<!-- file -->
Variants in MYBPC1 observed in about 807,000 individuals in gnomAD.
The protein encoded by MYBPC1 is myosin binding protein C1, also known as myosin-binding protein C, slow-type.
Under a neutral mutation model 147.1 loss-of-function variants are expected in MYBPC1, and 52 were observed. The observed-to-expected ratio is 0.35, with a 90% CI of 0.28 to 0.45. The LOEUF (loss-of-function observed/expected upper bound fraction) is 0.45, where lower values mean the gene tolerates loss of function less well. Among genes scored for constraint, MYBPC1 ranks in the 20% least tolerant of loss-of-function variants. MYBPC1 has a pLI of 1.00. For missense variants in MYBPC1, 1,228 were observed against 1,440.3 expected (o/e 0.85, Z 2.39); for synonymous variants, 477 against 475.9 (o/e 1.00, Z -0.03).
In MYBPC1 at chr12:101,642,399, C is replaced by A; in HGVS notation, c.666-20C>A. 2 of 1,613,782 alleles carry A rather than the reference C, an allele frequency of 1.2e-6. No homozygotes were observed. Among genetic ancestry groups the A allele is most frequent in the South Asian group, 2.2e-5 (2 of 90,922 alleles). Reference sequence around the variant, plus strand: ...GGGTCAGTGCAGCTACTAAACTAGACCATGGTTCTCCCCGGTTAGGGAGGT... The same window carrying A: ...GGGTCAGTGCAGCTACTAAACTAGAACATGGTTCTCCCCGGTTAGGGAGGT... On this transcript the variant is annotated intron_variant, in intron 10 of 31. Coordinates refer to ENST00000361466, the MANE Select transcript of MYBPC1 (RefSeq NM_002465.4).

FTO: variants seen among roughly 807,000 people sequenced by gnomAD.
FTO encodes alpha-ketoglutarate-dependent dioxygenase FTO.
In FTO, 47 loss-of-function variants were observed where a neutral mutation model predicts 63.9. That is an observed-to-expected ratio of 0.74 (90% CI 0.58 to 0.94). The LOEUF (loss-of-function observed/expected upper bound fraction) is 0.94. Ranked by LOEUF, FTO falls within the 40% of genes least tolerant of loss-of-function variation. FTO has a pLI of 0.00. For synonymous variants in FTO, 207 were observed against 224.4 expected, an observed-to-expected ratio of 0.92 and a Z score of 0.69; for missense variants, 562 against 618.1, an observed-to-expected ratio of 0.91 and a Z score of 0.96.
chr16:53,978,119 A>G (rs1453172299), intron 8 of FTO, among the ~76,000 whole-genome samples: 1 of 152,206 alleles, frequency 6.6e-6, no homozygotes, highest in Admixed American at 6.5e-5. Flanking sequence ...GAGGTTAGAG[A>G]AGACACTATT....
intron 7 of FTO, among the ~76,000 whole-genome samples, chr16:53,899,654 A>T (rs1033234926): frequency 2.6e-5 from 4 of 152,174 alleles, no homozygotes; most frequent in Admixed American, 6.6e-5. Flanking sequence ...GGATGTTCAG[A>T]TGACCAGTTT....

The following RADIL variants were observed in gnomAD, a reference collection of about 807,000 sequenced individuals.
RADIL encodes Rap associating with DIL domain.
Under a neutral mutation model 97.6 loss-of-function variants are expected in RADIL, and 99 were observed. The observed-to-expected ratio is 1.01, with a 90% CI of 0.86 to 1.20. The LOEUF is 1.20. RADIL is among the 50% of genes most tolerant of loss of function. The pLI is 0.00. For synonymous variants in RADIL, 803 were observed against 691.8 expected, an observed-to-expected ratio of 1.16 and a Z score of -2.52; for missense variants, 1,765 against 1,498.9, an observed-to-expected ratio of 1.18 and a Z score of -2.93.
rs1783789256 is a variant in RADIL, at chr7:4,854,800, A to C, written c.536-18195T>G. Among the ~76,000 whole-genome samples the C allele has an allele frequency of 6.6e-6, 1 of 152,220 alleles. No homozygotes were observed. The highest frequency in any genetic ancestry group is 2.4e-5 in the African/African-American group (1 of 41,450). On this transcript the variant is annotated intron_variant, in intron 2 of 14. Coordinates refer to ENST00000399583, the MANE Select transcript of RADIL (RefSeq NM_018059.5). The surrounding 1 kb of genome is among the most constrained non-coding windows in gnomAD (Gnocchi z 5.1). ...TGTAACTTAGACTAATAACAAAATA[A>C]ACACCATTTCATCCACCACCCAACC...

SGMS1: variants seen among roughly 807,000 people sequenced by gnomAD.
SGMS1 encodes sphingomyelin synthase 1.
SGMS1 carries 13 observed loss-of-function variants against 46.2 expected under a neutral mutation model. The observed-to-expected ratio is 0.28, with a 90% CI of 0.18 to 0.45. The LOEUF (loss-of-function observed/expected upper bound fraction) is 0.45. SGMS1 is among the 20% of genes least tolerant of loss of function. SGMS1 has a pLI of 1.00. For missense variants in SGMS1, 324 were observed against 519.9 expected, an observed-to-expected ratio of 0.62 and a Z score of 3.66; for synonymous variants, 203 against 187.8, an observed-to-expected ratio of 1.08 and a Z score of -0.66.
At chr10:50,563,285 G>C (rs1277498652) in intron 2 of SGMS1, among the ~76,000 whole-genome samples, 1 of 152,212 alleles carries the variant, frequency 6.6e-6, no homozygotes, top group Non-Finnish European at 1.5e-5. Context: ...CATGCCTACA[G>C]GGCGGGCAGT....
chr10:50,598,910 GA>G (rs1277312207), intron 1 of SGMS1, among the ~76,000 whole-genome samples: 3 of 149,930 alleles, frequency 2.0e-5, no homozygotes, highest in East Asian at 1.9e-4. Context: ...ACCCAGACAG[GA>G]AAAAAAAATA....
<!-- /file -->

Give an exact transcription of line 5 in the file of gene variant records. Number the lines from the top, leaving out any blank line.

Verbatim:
FTO: variants seen among roughly 807,000 people sequenced by gnomAD.